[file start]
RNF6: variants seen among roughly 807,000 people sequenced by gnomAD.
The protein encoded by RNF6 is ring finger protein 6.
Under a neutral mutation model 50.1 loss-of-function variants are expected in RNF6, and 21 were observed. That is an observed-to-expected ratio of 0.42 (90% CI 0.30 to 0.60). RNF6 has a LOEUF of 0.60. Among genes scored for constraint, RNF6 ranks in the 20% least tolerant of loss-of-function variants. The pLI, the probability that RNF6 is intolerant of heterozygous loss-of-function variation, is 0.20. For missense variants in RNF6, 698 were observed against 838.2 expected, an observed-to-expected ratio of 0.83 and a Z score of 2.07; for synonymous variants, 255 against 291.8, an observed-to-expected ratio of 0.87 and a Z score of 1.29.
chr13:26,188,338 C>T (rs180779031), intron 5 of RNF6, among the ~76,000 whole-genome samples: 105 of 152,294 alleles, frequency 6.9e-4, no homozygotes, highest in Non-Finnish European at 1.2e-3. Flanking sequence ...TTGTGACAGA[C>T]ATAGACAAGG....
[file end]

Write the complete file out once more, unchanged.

RNF6: variants seen among roughly 807,000 people sequenced by gnomAD.
The protein encoded by RNF6 is ring finger protein 6.
Under a neutral mutation model 50.1 loss-of-function variants are expected in RNF6, and 21 were observed. That is an observed-to-expected ratio of 0.42 (90% CI 0.30 to 0.60). RNF6 has a LOEUF of 0.60. Among genes scored for constraint, RNF6 ranks in the 20% least tolerant of loss-of-function variants. The pLI, the probability that RNF6 is intolerant of heterozygous loss-of-function variation, is 0.20. For missense variants in RNF6, 698 were observed against 838.2 expected, an observed-to-expected ratio of 0.83 and a Z score of 2.07; for synonymous variants, 255 against 291.8, an observed-to-expected ratio of 0.87 and a Z score of 1.29.
chr13:26,188,338 C>T (rs180779031), intron 5 of RNF6, among the ~76,000 whole-genome samples: 105 of 152,294 alleles, frequency 6.9e-4, no homozygotes, highest in Non-Finnish European at 1.2e-3. Flanking sequence ...TTGTGACAGA[C>T]ATAGACAAGG....